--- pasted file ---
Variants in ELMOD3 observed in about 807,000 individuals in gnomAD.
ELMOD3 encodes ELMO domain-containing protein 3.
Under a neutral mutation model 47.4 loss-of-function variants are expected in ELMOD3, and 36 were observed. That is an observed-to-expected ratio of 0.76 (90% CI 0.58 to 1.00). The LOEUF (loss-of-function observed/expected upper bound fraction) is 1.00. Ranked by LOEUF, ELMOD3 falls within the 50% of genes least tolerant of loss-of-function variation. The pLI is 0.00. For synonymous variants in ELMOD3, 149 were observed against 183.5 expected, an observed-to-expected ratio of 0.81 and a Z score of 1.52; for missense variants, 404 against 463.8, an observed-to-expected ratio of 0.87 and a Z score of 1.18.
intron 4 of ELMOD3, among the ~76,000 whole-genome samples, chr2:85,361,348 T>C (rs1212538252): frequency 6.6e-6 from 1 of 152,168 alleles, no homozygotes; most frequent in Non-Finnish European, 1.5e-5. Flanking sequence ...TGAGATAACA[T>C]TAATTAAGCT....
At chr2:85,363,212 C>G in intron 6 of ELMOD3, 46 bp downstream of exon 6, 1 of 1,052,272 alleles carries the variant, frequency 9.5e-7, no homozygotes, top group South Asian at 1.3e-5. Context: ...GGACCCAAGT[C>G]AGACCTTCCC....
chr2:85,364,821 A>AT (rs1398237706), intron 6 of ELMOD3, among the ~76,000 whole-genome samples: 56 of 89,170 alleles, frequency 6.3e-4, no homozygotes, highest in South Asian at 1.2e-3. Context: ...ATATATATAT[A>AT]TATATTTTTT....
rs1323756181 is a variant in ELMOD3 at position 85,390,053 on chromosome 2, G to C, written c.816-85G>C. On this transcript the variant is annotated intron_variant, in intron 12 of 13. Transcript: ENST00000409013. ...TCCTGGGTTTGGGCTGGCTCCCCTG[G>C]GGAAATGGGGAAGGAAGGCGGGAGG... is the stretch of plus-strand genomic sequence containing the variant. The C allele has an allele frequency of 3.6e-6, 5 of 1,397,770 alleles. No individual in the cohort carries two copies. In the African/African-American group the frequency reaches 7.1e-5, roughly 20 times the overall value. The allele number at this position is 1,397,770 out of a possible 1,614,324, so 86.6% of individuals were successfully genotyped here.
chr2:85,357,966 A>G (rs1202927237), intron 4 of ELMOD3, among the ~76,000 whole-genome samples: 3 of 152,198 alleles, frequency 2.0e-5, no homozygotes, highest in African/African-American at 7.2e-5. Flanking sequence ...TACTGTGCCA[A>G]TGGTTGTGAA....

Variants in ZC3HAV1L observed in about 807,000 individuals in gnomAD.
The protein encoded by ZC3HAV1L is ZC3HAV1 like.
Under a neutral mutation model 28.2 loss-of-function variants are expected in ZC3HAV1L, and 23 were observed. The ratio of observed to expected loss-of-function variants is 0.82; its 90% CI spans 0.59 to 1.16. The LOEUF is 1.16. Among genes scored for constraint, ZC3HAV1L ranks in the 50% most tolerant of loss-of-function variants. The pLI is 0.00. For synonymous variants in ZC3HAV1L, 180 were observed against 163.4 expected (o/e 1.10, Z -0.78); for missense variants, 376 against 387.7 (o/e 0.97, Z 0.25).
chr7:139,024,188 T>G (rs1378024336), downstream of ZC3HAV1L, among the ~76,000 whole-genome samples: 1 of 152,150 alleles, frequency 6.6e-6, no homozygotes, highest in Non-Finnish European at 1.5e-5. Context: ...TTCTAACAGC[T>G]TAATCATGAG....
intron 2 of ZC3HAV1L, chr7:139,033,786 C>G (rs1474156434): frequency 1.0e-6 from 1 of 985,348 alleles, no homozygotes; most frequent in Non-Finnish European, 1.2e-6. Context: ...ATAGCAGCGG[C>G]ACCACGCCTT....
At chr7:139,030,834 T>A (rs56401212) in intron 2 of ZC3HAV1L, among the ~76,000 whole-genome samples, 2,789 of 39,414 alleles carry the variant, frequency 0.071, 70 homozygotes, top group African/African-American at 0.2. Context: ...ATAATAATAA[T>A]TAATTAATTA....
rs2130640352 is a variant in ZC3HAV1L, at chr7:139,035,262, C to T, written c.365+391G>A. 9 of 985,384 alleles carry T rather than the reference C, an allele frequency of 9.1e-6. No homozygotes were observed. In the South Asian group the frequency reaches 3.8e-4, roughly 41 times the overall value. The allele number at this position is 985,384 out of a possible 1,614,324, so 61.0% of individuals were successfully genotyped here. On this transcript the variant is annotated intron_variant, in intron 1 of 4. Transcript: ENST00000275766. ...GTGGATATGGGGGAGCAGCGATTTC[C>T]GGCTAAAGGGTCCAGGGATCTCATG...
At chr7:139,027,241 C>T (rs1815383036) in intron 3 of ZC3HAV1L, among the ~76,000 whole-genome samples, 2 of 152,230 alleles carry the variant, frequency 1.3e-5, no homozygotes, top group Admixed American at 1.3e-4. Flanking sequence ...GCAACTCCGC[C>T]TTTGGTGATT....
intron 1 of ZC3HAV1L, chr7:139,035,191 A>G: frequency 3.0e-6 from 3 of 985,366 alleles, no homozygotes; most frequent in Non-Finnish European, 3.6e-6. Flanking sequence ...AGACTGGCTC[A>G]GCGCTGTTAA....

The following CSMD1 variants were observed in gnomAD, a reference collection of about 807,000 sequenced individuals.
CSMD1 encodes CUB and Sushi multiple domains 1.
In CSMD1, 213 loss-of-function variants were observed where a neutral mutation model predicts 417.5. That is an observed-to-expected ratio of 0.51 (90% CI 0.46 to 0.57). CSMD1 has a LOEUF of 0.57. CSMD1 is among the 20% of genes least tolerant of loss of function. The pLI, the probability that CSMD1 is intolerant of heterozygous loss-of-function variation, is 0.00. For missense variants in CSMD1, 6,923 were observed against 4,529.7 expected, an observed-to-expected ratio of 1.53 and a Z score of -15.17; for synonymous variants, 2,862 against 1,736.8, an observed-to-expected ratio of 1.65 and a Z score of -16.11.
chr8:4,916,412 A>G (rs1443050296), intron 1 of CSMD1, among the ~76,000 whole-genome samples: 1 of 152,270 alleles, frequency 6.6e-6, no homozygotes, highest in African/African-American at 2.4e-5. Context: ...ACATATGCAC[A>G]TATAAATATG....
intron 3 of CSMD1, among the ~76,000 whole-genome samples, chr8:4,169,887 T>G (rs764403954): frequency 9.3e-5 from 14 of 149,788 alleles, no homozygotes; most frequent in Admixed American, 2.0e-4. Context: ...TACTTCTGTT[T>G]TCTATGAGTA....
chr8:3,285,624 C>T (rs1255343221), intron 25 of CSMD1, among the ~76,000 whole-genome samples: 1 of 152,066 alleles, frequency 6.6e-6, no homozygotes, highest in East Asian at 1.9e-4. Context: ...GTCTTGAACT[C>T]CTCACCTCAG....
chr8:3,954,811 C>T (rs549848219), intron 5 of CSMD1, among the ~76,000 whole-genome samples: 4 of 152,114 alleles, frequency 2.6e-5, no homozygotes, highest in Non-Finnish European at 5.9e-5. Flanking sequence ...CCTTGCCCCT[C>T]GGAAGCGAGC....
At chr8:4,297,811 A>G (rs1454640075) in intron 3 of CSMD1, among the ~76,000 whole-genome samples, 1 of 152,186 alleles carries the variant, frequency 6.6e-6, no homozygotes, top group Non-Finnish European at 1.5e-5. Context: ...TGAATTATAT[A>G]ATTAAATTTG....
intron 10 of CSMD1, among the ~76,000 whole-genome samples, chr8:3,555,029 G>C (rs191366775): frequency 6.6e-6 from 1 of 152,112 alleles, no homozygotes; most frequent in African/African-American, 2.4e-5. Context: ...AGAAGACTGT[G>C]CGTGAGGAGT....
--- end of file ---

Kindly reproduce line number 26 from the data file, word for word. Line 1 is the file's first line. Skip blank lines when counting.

intron 10 of CSMD1, among the ~76,000 whole-genome samples, chr8:3,555,029 G>C (rs191366775): frequency 6.6e-6 from 1 of 152,112 alleles, no homozygotes; most frequent in African/African-American, 2.4e-5. Context: ...AGAAGACTGT[G>C]CGTGAGGAGT....